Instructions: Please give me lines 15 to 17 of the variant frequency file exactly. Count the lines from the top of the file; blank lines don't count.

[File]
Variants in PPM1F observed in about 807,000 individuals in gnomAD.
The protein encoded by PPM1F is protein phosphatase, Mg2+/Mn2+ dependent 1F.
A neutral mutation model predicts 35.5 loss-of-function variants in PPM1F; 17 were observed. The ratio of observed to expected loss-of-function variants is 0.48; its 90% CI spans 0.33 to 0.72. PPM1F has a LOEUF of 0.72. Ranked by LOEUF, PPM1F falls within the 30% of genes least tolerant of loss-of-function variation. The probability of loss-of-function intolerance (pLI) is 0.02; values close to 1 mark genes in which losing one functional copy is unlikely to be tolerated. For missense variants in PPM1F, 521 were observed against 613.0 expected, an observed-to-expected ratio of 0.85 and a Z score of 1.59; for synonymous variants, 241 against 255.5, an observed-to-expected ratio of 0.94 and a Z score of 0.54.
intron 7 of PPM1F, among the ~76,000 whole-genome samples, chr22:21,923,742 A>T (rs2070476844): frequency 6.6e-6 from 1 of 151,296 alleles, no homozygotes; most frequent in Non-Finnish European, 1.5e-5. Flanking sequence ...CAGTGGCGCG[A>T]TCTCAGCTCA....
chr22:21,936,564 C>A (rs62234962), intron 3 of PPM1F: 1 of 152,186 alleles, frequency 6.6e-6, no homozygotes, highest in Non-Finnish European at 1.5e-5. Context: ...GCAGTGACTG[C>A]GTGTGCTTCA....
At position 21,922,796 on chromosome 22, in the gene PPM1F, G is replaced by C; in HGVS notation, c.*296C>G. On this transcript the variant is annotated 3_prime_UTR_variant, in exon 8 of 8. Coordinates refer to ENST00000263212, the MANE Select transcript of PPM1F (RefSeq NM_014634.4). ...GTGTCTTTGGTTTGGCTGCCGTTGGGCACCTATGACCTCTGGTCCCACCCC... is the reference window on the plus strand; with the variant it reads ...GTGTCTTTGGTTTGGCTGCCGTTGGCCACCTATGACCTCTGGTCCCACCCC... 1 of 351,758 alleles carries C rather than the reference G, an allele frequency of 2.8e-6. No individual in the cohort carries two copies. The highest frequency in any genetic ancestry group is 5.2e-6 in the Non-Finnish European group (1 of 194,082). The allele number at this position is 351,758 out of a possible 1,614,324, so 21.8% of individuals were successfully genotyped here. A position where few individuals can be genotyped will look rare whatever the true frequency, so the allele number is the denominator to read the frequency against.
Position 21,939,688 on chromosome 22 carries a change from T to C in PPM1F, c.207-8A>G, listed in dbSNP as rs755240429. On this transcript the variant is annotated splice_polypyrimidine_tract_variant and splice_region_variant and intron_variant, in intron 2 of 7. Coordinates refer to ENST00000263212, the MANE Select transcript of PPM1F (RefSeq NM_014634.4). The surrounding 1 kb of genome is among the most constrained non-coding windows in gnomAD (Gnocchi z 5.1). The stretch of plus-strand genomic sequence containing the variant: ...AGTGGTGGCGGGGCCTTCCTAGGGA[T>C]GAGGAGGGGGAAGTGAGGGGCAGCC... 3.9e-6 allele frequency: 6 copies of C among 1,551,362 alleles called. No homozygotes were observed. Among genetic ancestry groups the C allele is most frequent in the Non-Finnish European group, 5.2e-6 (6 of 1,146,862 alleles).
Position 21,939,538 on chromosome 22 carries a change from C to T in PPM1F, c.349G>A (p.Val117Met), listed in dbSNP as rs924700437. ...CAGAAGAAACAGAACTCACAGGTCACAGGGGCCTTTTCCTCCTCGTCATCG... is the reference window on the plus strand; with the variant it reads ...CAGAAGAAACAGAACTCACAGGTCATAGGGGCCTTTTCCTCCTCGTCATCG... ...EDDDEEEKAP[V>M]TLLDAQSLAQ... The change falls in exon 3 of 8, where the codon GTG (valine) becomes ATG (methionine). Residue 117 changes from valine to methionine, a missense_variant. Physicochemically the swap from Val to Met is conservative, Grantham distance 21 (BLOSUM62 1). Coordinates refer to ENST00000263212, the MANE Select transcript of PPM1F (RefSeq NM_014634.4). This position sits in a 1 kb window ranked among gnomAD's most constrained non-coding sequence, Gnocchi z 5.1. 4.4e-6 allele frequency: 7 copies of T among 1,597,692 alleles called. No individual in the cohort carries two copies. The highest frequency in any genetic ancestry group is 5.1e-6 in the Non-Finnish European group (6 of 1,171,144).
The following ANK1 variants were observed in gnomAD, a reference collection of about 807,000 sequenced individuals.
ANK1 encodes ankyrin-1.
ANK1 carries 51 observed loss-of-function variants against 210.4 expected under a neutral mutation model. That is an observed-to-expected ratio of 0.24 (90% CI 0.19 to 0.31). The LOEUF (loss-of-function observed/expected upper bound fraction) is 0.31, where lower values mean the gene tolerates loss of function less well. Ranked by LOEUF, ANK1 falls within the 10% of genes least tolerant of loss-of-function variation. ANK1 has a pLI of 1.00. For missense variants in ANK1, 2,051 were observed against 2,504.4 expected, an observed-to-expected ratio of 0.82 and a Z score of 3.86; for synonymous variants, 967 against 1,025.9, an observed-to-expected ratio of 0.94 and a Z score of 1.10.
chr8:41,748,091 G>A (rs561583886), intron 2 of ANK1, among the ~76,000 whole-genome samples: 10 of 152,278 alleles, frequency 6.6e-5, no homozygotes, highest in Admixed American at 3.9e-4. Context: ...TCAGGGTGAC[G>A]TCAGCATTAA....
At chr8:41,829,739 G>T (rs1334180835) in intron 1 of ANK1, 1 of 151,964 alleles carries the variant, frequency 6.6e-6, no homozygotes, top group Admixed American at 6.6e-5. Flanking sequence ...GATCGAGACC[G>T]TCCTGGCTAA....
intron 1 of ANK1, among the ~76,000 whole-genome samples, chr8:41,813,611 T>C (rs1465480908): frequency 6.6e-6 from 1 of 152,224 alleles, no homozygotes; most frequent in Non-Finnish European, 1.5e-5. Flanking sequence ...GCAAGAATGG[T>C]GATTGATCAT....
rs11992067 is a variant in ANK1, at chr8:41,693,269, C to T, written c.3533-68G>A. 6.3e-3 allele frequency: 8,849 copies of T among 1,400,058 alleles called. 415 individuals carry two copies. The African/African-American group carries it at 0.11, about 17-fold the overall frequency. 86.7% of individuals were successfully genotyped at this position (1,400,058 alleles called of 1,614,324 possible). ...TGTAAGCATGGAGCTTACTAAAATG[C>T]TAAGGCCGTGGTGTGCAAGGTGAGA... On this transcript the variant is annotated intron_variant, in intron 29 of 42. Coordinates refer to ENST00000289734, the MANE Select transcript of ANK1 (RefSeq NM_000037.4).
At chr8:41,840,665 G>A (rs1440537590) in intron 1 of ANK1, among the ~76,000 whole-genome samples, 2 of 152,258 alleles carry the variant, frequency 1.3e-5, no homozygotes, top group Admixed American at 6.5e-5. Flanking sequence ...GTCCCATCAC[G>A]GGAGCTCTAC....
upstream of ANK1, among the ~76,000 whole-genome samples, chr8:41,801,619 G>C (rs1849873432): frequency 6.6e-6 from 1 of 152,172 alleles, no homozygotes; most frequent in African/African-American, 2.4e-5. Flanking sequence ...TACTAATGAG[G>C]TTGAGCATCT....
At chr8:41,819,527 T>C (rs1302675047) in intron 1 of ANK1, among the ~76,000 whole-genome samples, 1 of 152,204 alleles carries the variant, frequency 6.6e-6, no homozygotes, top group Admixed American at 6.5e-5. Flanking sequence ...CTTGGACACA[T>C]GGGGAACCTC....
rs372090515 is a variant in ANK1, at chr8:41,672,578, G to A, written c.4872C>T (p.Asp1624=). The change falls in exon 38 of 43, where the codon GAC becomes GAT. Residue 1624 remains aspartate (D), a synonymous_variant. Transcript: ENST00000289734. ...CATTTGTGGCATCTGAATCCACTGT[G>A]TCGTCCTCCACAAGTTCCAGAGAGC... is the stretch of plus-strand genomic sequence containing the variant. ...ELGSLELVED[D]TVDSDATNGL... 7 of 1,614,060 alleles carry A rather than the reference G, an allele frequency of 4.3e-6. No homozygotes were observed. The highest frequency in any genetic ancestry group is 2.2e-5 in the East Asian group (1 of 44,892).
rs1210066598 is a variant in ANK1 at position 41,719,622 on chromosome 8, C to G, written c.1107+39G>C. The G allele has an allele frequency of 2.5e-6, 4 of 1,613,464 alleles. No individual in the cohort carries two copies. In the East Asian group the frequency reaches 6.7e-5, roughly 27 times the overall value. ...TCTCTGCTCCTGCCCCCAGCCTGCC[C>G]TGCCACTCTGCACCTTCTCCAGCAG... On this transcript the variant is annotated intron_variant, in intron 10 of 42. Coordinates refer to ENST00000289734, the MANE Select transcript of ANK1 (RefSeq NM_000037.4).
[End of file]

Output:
rs11992067 is a variant in ANK1, at chr8:41,693,269, C to T, written c.3533-68G>A. 6.3e-3 allele frequency: 8,849 copies of T among 1,400,058 alleles called. 415 individuals carry two copies. The African/African-American group carries it at 0.11, about 17-fold the overall frequency. 86.7% of individuals were successfully genotyped at this position (1,400,058 alleles called of 1,614,324 possible). ...TGTAAGCATGGAGCTTACTAAAATG[C>T]TAAGGCCGTGGTGTGCAAGGTGAGA... On this transcript the variant is annotated intron_variant, in intron 29 of 42. Coordinates refer to ENST00000289734, the MANE Select transcript of ANK1 (RefSeq NM_000037.4).
At chr8:41,840,665 G>A (rs1440537590) in intron 1 of ANK1, among the ~76,000 whole-genome samples, 2 of 152,258 alleles carry the variant, frequency 1.3e-5, no homozygotes, top group Admixed American at 6.5e-5. Flanking sequence ...GTCCCATCAC[G>A]GGAGCTCTAC....
upstream of ANK1, among the ~76,000 whole-genome samples, chr8:41,801,619 G>C (rs1849873432): frequency 6.6e-6 from 1 of 152,172 alleles, no homozygotes; most frequent in African/African-American, 2.4e-5. Flanking sequence ...TACTAATGAG[G>C]TTGAGCATCT....